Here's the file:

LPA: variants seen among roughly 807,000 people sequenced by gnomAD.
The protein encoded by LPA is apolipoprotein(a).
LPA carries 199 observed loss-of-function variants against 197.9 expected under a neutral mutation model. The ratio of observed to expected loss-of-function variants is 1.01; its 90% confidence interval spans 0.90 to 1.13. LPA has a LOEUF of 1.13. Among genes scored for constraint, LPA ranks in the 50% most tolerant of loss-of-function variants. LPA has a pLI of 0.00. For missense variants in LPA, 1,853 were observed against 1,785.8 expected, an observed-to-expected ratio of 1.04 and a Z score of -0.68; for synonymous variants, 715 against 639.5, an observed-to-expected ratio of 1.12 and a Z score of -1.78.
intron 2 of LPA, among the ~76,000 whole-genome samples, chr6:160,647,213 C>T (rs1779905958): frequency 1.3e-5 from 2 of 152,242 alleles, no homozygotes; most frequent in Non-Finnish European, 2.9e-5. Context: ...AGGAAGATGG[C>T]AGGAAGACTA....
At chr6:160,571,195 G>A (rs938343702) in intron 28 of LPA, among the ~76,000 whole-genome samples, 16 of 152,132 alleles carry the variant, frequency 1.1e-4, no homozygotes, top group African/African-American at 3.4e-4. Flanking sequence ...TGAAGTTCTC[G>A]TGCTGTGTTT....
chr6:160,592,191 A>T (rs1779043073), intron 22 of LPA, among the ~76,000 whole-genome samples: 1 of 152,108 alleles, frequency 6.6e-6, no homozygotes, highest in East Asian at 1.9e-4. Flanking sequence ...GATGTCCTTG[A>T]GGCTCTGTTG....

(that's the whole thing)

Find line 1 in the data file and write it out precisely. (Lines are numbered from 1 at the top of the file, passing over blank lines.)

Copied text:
LPA: variants seen among roughly 807,000 people sequenced by gnomAD.